Hot Topic - Italian Media
Only so much internal austerity can hold together a media company facing external austerity, advertising retreat and digital quandary. Off-loading assets – and people – only goes so far when debt burden is compounded by inertia. Restructuring is often the best strategy but only when it goes far enough.
Every tabloid editor knows what moves eyeballs. It’s a skill passed on generation after generation, unbound by geography. Dirt on celebrities and politicians is fine but nothing beats that grainy photo of a well-known somebody starkers. Brilliance is causing talk on the street, any street, and maybe a lawsuit. Leveraging a better business deal is genius.
This century has illustrated boldly the world of media moguls, their ambitions and business practices. Tough, tireless and maybe a little crazy they go after what they want, relishing in the fight. Some of this is admirable. Some of it is a crime, particularly when mixed with the ruthless pursuit of power.
The TV battle In Italy between two titans – Prime Minister Silvia Berlusconi who is also said to be the country’s richest man – and Rupert Murdoch, said to be the world’s most influential media mogul – has heated up again.
Advertising people are used to taking knocks. Their ads are too loud or too long. Some are too rude, more than a few just dumb. Mostly media people complain that ad people aren’t spending enough.
Internet access, rights to and fro, is a hot topic, the cyberwar between China and Google grabbing recent attention. Leaders of governments with a particular orientation have become obsessed with internet because of its wealth and its power. It’s all about money and control.
Local media gets short changed in almost every way. Advertisers and other funders ignore them. Politicians and measurement services can’t find them. Odd, though, audiences get excited about them.
Carlo de Benedetti, the chairman of the Italian Gruppo Editoriale L’Expresso gave the Reuters Memorial Lecture at Oxford University this week and what he had to say about newspapers and democracy deserves a wider audience.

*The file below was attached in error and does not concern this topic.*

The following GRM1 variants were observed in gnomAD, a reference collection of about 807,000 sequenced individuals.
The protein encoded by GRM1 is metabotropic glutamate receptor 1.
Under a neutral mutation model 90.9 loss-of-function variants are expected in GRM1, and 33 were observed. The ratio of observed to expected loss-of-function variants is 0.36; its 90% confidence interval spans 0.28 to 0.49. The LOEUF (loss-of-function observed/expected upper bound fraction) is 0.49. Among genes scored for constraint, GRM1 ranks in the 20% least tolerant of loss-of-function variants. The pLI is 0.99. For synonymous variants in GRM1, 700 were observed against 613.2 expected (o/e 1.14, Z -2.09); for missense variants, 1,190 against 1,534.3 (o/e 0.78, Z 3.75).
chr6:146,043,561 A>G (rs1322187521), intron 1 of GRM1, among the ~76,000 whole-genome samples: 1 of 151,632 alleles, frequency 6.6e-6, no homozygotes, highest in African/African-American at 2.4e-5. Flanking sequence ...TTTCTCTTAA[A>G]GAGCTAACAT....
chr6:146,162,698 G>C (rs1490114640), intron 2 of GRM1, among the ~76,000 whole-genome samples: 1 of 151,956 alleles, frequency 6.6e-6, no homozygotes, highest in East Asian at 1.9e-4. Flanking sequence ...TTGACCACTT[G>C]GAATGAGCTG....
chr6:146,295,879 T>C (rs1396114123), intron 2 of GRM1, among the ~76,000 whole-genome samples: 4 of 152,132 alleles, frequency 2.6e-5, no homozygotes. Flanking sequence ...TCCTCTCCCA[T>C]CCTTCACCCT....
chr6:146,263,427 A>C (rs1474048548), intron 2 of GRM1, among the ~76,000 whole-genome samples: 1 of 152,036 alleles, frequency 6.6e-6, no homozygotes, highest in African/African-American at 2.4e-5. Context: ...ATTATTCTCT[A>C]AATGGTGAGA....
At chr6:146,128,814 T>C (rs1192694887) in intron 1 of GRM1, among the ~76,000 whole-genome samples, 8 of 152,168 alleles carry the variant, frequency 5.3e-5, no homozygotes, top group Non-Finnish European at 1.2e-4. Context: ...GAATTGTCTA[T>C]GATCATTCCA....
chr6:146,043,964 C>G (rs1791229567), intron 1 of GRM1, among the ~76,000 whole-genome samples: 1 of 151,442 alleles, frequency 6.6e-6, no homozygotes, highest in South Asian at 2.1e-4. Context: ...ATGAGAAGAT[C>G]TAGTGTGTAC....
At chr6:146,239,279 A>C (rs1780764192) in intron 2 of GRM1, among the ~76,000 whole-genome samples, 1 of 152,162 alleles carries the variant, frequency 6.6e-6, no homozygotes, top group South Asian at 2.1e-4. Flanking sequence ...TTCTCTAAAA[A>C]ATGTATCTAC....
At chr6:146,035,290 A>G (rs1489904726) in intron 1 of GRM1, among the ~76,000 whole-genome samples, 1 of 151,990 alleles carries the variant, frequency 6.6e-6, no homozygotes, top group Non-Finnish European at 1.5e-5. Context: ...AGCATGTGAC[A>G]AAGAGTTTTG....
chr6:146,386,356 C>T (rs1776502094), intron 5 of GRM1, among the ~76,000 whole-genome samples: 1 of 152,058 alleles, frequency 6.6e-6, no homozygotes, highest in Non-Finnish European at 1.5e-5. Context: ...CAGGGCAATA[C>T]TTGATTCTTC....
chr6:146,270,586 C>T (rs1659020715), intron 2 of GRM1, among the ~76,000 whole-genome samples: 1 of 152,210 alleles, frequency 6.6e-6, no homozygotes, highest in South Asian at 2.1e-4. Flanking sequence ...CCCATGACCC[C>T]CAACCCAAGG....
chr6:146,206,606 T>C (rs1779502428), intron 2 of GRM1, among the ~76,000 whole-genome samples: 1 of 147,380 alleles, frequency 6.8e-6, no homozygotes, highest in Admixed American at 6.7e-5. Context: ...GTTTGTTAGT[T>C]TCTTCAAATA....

See also in ftm Knowledge
Media in Italy
The Italian media market is totally unique and very competitive. Italian consumers are quickly embracing new media and the advertising community is quickly changing. And hovering close is Italy's richest person - Silvio Berlusconi. 112 pages, includes Resources, PDF (October 2012)
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Italy - Major Media - Radio Broadcasting (February 2015)|
public and private broadcasting companies, channels, audience reach/share, management
Italy - Major Media - Television (16/08/2012
public and private broadcasting companies, channels, audience share, management
Italy - National Radio Audience (updated 03/11/2010)
market share trend, annual, 2006-2009
Italy - Market Data (15/01/2010)
population, per capita GDP trend, advertising
Italy - Major Media - Newspapers (08/01/2010)
ownership, management, circulation
Streaming Everything – new
Great streams of media are flooding digital devices, faster and faster with each new G. Streaming audio and video are either the surfboard riding the digital wave or just another tech Titanic. As investors pile in the cash broadcasters experience another panic attack. This story's just beginning. 49 pages PDF (January 2016)
Media in Poland – new
Poland is the largest media market of the newest EU Member States and the changes have often been surprising, sometimes radical and never ending. Publishers, broadcasters and new media are plentiful, talented and under constant stress not only from competitors. 122 pages PDF, includes updated Resources (January 2016)
We've Gone Mobile - And Nothing's The Same
Consumers have taken to smartphones in huge numbers. Competition among device makers, telecoms and content producers has created an insatiable demand. With so much volume markets are fragmenting... and nothing's the same. 152 pages PDF (August 2015)
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